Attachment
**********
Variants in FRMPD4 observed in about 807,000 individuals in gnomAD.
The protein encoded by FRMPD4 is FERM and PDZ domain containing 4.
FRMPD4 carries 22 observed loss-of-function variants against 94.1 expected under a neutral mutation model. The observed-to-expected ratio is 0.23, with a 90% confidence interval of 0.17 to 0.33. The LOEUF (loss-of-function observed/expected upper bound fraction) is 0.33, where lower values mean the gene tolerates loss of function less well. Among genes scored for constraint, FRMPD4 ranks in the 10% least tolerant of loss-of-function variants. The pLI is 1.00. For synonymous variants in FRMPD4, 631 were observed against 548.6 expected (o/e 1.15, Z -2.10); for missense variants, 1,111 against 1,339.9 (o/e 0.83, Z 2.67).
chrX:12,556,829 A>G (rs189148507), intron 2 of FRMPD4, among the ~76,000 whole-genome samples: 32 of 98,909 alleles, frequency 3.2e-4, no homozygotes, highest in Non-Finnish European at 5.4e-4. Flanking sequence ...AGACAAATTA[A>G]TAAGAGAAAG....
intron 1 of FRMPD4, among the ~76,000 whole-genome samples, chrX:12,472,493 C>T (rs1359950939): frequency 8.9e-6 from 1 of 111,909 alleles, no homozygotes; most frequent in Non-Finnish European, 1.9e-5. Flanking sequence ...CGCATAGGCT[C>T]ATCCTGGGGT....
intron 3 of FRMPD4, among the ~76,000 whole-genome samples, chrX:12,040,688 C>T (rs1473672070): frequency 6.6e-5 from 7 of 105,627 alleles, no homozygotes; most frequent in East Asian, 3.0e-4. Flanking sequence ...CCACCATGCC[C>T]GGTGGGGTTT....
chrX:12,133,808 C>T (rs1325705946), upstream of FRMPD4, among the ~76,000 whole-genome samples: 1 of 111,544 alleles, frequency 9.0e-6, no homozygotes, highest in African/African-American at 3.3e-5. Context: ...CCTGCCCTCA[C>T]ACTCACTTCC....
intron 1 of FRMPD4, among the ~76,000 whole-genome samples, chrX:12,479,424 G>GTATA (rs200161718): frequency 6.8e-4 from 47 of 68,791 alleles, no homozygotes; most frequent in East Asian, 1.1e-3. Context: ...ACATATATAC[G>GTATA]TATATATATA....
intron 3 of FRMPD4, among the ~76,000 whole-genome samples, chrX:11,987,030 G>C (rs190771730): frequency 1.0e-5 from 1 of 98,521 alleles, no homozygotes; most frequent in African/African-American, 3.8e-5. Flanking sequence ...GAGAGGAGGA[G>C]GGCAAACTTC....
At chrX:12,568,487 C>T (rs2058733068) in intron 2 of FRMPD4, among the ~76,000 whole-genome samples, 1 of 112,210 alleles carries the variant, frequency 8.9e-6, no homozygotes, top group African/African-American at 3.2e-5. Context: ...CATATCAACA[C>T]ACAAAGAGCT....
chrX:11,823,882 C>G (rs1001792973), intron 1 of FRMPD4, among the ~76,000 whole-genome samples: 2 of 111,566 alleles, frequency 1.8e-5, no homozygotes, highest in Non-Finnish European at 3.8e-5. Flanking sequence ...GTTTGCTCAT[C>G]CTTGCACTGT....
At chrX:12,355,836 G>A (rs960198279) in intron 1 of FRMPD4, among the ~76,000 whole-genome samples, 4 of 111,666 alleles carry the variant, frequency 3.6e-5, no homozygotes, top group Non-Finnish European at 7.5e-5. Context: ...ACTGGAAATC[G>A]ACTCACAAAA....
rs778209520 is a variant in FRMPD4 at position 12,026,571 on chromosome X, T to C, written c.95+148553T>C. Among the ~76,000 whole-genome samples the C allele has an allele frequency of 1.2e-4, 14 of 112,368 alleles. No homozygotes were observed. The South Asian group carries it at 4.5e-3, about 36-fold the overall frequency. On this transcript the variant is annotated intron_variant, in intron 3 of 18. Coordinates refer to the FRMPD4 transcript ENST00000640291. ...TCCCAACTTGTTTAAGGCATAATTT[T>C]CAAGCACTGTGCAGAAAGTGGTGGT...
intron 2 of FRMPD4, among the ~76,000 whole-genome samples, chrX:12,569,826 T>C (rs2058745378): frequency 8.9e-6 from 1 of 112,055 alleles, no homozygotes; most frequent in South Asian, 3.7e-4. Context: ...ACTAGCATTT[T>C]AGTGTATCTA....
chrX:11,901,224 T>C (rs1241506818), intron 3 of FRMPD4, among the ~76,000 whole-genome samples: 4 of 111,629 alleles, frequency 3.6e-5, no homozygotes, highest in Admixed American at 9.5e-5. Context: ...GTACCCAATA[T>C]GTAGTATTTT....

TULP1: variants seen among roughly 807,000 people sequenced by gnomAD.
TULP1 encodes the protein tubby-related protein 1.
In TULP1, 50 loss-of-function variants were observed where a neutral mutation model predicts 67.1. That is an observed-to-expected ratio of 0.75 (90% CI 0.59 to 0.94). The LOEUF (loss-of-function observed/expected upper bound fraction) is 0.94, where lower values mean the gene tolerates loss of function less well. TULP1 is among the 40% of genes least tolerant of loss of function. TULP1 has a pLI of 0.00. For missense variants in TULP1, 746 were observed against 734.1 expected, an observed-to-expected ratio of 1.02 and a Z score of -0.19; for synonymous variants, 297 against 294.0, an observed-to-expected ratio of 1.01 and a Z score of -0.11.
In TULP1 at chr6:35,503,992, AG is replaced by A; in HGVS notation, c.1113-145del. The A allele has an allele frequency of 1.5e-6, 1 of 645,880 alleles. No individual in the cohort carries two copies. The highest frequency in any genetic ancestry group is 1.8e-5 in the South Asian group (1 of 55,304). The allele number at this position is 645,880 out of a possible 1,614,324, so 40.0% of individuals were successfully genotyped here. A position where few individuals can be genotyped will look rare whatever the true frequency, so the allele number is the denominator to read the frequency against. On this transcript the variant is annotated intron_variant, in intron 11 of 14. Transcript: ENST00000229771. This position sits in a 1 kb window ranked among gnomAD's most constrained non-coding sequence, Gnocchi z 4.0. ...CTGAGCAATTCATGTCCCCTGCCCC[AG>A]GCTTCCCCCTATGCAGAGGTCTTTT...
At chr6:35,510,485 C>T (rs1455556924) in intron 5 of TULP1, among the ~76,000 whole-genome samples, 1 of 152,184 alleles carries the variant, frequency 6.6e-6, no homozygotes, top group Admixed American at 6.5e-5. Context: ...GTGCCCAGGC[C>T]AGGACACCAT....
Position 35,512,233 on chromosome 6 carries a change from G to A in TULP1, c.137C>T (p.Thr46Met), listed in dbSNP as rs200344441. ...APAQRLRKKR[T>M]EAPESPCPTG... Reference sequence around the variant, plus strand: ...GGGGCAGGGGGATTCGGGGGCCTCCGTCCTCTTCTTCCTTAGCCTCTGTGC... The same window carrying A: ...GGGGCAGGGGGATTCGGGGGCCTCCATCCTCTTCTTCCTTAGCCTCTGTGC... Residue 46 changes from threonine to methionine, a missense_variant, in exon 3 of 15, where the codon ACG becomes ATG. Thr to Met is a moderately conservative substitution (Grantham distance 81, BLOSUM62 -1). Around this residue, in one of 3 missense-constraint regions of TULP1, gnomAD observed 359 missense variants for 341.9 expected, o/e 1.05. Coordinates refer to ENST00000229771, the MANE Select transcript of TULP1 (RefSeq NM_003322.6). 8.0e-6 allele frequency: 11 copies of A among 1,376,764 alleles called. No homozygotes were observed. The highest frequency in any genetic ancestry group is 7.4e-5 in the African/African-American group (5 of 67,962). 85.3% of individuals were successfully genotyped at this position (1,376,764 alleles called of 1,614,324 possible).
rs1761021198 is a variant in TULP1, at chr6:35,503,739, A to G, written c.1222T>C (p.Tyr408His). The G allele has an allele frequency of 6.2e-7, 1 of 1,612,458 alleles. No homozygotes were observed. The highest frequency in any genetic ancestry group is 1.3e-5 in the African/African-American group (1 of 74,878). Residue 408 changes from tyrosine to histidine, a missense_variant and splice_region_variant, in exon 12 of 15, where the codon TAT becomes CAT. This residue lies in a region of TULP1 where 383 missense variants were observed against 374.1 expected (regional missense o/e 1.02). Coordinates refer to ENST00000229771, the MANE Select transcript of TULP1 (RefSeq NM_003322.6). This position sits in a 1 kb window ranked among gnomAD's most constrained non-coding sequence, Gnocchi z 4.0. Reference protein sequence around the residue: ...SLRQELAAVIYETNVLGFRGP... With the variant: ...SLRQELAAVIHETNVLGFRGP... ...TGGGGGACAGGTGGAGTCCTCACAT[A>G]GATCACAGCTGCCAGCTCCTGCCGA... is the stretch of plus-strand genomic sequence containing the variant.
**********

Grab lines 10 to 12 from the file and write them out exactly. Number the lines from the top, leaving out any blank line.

At chrX:12,568,487 C>T (rs2058733068) in intron 2 of FRMPD4, among the ~76,000 whole-genome samples, 1 of 112,210 alleles carries the variant, frequency 8.9e-6, no homozygotes, top group African/African-American at 3.2e-5. Context: ...CATATCAACA[C>T]ACAAAGAGCT....
chrX:11,823,882 C>G (rs1001792973), intron 1 of FRMPD4, among the ~76,000 whole-genome samples: 2 of 111,566 alleles, frequency 1.8e-5, no homozygotes, highest in Non-Finnish European at 3.8e-5. Flanking sequence ...GTTTGCTCAT[C>G]CTTGCACTGT....
At chrX:12,355,836 G>A (rs960198279) in intron 1 of FRMPD4, among the ~76,000 whole-genome samples, 4 of 111,666 alleles carry the variant, frequency 3.6e-5, no homozygotes, top group Non-Finnish European at 7.5e-5. Context: ...ACTGGAAATC[G>A]ACTCACAAAA....